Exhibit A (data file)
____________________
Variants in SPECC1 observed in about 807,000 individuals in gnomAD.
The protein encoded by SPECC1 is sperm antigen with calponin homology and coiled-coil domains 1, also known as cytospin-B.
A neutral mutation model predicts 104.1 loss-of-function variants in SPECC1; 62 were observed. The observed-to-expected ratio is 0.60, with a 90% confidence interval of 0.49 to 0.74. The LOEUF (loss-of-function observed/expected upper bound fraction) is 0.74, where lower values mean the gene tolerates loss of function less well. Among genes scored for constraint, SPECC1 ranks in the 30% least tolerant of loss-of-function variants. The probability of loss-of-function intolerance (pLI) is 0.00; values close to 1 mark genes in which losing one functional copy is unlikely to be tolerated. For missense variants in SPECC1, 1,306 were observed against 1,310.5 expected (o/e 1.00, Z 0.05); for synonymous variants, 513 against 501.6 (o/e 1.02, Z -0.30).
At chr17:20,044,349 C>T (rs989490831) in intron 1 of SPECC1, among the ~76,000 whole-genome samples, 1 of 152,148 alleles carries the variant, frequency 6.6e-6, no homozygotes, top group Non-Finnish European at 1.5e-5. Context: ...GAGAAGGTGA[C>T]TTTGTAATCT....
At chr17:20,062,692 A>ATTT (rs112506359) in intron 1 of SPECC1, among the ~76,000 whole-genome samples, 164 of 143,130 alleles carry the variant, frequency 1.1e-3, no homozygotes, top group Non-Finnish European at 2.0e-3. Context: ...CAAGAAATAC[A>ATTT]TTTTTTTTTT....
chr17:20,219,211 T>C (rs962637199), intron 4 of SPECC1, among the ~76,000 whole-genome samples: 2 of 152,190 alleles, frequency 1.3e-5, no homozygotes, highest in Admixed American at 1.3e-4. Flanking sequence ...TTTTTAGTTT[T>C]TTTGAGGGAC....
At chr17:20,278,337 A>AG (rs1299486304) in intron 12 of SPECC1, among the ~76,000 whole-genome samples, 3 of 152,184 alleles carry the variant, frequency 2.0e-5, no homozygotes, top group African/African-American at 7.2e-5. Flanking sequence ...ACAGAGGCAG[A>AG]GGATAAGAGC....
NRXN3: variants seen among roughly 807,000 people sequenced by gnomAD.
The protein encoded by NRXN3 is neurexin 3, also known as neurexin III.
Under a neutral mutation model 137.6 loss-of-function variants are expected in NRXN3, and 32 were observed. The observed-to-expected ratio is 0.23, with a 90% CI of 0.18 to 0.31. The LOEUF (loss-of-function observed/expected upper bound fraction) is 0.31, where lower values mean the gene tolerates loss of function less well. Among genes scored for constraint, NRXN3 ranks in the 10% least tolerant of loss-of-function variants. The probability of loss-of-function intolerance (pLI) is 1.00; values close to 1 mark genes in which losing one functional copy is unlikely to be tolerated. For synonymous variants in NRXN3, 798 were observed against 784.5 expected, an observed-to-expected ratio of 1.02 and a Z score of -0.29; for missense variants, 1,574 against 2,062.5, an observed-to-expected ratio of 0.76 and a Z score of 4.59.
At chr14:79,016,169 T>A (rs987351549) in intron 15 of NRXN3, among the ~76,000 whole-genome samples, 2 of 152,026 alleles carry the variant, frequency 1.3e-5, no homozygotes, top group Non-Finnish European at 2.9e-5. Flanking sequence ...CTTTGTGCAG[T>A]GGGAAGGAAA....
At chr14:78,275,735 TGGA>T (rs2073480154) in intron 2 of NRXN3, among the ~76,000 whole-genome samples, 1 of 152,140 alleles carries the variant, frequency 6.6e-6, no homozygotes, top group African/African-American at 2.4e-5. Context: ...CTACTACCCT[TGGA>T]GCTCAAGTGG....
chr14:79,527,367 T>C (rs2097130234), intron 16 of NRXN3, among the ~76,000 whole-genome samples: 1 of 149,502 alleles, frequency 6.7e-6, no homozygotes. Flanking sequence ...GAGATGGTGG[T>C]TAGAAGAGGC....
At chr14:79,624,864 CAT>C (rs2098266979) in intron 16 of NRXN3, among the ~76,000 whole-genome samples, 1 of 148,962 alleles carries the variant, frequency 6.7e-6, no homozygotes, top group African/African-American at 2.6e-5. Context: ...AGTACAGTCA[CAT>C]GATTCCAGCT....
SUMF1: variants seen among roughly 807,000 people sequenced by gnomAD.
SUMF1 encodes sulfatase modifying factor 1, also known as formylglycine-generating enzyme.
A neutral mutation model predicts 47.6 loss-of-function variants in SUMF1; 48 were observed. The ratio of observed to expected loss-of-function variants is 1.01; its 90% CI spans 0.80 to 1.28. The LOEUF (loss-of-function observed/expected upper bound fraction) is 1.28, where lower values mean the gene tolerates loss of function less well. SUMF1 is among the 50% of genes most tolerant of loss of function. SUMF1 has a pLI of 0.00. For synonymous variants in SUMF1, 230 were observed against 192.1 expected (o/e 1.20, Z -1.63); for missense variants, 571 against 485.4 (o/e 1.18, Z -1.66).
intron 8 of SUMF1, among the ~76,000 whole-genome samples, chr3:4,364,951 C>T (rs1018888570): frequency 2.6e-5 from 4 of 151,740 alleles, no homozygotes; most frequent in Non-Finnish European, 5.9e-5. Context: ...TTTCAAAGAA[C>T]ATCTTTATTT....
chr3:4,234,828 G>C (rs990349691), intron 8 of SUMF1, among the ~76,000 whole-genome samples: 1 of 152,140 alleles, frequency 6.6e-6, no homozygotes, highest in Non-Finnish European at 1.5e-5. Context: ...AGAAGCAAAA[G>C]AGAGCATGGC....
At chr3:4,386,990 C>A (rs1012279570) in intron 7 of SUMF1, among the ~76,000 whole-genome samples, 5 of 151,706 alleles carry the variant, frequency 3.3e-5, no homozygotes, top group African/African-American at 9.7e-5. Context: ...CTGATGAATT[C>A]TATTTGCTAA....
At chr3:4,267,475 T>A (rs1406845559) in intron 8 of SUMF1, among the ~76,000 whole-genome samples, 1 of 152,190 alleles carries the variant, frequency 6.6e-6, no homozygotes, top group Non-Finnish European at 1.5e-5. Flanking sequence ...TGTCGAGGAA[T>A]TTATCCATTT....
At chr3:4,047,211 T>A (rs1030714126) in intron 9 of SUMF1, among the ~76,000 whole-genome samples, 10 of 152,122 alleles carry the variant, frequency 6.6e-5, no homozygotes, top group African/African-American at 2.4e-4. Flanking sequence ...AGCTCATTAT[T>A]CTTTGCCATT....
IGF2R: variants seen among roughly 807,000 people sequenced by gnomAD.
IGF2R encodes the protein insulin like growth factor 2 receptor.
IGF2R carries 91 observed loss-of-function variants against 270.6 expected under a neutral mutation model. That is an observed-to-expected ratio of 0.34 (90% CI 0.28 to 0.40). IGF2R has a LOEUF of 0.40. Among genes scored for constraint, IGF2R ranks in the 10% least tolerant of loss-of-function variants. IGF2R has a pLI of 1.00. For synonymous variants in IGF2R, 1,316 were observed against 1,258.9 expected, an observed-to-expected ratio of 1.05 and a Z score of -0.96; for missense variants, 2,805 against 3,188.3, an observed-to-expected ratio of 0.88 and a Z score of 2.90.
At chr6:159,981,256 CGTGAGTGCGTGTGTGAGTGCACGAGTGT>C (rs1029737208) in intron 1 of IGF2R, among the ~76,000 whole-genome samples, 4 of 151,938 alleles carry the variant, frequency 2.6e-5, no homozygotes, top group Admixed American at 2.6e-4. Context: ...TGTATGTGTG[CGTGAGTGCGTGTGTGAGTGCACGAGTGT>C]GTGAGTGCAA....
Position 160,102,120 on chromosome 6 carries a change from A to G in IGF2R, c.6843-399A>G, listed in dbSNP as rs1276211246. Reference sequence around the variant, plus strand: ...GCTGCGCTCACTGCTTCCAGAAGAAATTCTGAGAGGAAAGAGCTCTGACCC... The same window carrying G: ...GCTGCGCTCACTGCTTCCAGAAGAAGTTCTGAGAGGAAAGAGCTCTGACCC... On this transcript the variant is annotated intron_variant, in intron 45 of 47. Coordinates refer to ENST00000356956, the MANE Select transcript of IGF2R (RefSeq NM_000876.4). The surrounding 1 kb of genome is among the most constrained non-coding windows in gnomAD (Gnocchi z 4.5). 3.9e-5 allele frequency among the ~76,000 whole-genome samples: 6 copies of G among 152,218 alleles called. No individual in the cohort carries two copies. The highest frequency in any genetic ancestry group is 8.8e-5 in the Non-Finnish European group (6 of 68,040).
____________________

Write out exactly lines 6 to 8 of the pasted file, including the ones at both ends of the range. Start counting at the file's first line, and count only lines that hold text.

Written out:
chr17:20,219,211 T>C (rs962637199), intron 4 of SPECC1, among the ~76,000 whole-genome samples: 2 of 152,190 alleles, frequency 1.3e-5, no homozygotes, highest in Admixed American at 1.3e-4. Flanking sequence ...TTTTTAGTTT[T>C]TTTGAGGGAC....
At chr17:20,278,337 A>AG (rs1299486304) in intron 12 of SPECC1, among the ~76,000 whole-genome samples, 3 of 152,184 alleles carry the variant, frequency 2.0e-5, no homozygotes, top group African/African-American at 7.2e-5. Flanking sequence ...ACAGAGGCAG[A>AG]GGATAAGAGC....
NRXN3: variants seen among roughly 807,000 people sequenced by gnomAD.